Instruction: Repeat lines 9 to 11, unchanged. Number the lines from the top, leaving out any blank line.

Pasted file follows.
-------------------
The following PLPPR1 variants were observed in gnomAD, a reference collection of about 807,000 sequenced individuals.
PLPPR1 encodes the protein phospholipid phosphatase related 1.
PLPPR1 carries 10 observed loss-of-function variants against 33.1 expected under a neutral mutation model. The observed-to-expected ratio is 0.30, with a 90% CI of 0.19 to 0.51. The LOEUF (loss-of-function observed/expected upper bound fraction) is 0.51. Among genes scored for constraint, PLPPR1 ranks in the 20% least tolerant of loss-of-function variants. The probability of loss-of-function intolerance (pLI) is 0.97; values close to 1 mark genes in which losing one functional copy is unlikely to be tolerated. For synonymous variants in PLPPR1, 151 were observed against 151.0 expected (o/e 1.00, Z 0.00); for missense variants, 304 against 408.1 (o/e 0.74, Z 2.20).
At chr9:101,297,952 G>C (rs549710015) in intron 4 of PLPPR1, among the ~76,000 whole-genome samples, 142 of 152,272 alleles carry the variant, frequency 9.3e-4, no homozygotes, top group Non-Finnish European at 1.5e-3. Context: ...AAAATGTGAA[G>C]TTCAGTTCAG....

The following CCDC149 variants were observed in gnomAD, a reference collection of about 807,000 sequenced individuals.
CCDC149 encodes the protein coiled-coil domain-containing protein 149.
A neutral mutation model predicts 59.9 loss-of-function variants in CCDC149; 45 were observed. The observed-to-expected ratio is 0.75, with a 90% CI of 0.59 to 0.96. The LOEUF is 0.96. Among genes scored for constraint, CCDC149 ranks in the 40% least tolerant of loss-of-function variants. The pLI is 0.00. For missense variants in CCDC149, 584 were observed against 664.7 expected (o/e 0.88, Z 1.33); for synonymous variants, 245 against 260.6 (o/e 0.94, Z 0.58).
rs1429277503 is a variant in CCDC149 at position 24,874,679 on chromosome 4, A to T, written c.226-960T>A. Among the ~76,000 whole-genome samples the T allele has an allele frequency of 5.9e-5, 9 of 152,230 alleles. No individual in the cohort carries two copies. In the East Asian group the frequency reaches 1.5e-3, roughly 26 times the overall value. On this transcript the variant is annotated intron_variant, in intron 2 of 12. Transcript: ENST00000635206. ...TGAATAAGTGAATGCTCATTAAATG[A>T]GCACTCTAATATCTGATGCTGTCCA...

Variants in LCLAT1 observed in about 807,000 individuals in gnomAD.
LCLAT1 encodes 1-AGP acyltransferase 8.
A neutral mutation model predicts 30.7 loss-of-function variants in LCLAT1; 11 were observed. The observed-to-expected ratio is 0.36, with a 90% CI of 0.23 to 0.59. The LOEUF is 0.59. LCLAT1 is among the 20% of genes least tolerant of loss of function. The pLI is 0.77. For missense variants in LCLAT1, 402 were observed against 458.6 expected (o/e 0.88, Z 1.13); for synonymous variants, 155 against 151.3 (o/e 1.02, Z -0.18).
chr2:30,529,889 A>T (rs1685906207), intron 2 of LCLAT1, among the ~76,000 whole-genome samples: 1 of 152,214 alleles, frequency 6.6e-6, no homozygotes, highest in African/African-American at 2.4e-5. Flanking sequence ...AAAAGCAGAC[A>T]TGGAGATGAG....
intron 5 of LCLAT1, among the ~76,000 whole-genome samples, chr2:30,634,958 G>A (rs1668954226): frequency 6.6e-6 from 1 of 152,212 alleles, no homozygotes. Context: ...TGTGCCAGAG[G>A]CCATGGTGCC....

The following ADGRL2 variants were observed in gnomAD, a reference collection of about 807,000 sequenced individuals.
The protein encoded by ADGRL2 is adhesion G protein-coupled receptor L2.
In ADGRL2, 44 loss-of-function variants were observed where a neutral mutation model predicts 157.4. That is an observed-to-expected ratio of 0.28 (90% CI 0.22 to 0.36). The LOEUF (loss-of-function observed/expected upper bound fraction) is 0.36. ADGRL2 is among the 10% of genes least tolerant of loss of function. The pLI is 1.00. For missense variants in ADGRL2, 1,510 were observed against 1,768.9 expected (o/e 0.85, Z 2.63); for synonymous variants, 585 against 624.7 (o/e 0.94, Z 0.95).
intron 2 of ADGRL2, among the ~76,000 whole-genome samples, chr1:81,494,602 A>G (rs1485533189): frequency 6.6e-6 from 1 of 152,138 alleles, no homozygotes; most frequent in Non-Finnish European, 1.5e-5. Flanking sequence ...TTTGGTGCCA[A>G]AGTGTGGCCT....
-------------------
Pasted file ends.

Variants in LCLAT1 observed in about 807,000 individuals in gnomAD.
LCLAT1 encodes 1-AGP acyltransferase 8.
A neutral mutation model predicts 30.7 loss-of-function variants in LCLAT1; 11 were observed. The observed-to-expected ratio is 0.36, with a 90% CI of 0.23 to 0.59. The LOEUF is 0.59. LCLAT1 is among the 20% of genes least tolerant of loss of function. The pLI is 0.77. For missense variants in LCLAT1, 402 were observed against 458.6 expected (o/e 0.88, Z 1.13); for synonymous variants, 155 against 151.3 (o/e 1.02, Z -0.18).